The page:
Your cat's eye has a moist outer layer that helps clean away dirt and debris to protect it. However, if your cat's eyes are tearing or watering a lot, or if they are squinting, it might be a sign of a problem. Our Clovis vets will share a few reasons why your cat's eyes may be watering.
Reasons Why Your Cat's Eyes Might Water
If your cat's eyes are watery, it could be a sign that something is bothering its eye, like a virus or something foreign. Usually, it's not a big problem and will get better by itself. However, sometimes it can be a more serious issue, so it's important to look for other signs to figure out what's wrong.
Symptoms of Eye Issues in Cats
Water and Glassy Looking Eyes
Cats often have allergies that can make their eyes feel irritated and watery. Things like pollen, mold, cleaning products, and medicine can all cause these allergies. If you can figure out what's causing the allergies, keeping your cat away from it can help. But if you're not sure, you should take your cat to the vet. The vet can check for more serious eye problems and suggest ways to make your cat more comfortable.
Blinking, Squinting and Pawing at Eyes
If your cat's eyes are watery and they're blinking a lot, squinting, or pawing at their eyes, you should take them to the vet. They might have something in their eye that's bothering them or their tear duct could be blocked. While this isn't as common in cats as it is in dogs, it can cause tears to overflow and run out of their eye.
Red and Inflamed Eyes
If your cat's eyes look red and swollen, it might have conjunctivitis (also known as pinkeye). Other symptoms could be puffy eyes and sensitivity to light. This eye problem is common in cats and could be caused by an infection, allergy, or feline herpes virus. If left untreated, it could lead to serious complications. So, it's best to take your cat to the vet if you notice any redness or watering in their eyes. Your vet might prescribe eye drops or ointment based on the severity of your cat's eye irritation.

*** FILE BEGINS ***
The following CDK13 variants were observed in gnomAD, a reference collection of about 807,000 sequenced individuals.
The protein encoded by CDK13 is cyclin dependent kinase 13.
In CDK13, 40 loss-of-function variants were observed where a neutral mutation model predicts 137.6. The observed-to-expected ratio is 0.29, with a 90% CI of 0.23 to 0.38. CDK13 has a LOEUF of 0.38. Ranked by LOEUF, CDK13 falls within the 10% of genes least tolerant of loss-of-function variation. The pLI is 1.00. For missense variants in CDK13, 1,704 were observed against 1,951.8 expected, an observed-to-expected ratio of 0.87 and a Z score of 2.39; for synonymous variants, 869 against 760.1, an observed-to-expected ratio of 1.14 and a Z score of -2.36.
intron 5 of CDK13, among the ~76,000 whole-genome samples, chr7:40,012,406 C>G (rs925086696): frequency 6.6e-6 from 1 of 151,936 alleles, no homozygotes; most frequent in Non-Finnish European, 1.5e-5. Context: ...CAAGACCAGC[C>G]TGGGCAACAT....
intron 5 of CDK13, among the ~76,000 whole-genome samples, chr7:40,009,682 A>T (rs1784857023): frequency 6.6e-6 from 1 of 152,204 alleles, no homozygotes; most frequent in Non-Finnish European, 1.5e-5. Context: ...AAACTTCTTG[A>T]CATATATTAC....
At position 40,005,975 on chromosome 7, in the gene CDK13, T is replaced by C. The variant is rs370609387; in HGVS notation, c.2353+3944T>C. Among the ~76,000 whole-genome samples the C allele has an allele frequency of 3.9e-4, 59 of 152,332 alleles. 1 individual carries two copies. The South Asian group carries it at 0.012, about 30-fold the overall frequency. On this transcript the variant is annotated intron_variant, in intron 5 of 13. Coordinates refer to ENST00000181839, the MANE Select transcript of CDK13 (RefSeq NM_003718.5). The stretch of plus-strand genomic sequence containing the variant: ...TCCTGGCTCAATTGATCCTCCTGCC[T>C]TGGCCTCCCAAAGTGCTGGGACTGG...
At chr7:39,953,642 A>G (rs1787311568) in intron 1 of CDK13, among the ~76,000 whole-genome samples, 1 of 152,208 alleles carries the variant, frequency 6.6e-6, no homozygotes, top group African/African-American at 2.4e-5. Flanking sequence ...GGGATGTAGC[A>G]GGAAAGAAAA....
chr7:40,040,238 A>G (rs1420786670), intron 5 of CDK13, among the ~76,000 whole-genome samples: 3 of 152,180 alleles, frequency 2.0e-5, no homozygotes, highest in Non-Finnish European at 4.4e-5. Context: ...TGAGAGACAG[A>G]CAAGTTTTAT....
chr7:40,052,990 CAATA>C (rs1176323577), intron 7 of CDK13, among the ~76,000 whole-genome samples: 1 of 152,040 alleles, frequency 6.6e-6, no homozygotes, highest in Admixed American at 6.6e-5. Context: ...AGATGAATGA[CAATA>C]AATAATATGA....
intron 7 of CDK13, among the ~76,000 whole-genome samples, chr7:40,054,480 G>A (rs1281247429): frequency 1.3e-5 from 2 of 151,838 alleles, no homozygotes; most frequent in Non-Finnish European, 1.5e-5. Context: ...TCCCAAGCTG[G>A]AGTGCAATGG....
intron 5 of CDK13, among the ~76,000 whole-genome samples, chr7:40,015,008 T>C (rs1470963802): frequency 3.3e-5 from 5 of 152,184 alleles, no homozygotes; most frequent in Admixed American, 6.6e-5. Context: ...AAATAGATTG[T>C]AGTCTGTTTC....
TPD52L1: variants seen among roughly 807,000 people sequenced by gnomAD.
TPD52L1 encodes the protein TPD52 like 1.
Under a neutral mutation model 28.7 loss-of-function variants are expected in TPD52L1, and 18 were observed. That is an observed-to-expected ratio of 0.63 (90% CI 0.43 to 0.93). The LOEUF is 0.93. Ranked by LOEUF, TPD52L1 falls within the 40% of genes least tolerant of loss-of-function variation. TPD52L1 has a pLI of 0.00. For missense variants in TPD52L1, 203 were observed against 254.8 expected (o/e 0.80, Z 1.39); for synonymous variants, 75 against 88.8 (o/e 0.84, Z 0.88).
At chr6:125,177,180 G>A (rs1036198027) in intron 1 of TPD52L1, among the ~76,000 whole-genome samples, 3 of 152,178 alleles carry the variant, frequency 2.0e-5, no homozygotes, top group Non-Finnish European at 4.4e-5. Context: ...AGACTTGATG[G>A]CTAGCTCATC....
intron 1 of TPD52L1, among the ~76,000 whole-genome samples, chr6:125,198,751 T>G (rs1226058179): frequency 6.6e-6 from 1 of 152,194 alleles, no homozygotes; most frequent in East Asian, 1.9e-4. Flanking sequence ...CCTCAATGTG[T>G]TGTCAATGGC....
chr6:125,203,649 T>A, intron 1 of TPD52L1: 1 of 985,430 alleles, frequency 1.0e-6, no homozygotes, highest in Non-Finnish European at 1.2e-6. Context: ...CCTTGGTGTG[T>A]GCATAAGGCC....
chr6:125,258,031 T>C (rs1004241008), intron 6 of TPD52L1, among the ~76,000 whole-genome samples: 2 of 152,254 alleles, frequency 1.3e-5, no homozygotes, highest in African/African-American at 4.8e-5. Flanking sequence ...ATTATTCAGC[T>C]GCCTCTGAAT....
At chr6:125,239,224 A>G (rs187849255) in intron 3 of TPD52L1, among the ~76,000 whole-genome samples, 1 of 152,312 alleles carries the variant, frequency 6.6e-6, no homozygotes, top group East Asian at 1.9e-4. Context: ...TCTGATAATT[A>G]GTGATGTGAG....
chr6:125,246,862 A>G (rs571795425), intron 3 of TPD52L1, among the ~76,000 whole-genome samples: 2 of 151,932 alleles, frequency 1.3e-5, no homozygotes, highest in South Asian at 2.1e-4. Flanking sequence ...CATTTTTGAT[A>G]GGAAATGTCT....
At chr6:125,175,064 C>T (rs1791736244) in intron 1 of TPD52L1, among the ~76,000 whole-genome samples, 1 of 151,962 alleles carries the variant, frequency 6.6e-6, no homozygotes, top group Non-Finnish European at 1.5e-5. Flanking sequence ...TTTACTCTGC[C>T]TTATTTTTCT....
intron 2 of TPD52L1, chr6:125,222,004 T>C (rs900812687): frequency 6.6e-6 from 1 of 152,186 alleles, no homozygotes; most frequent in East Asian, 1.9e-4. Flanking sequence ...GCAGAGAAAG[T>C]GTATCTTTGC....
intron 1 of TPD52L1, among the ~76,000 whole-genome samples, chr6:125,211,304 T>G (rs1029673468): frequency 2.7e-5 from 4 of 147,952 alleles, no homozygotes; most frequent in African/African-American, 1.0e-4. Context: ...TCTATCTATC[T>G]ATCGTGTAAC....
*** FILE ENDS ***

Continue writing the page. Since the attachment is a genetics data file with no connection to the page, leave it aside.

Sticky, Yellow or Green Discharge
If your cat's eyes have a sticky or goopy discharge, it could mean they have an infection. A clear discharge might be a viral infection, while green or yellow discharge usually means bacterial. Getting an early diagnosis and treatment for an eye infection can prevent bigger problems later on. Your vet may prescribe ophthalmic antibiotic drops, gels, or ointments to treat a bacterial infection. In most cases, oral medication is not needed unless your cat's eye infection is part of a larger systemic infection.
Obvious Pain or Swelling
If your cat is displaying obvious signs of pain, the eyeball is bulging or there is notable swelling around your cat's eye it's time to get your cat to the vet to check for glaucoma. Symptoms of glaucoma in cats indicate that emergency veterinary care is required. This painful condition can appear suddenly and develop very rapidly. In most cases, by the time symptoms become evident much of the cat's eyesight will be irreparably lost.
Nasal Discharge and Sneezing
If your cat has a runny nose, sneezes, and watery eyes like humans when they have a cold, it might have a cat cold or a respiratory infection. Usually, cat colds go away within a week even without veterinary care. However, if your cat's condition worsens or doesn't improve in a few days, you should take it to the vet.
When To Take Your Cat to the Vet for an Eye Examination
If your cat's eyes are watery for more than a day or two, or if you notice signs of pain or infection, it's best to take them to the vet. The vet can examine your cat's eyes and suggest treatments to make your cat feel better.
Veterinary Ophthalmology Services
If your cat has a serious or long-lasting eye problem like a tumor or glaucoma, book an appointment with our veterinary ophthalmologists in Clovis. Our eye doctor is an expert in diagnosing and treating eye problems in cats and dogs.
Note: The advice provided in this post is intended for informational purposes and does not constitute medical advice regarding pets. For an accurate diagnosis of your pet's condition, please make an appointment with your vet.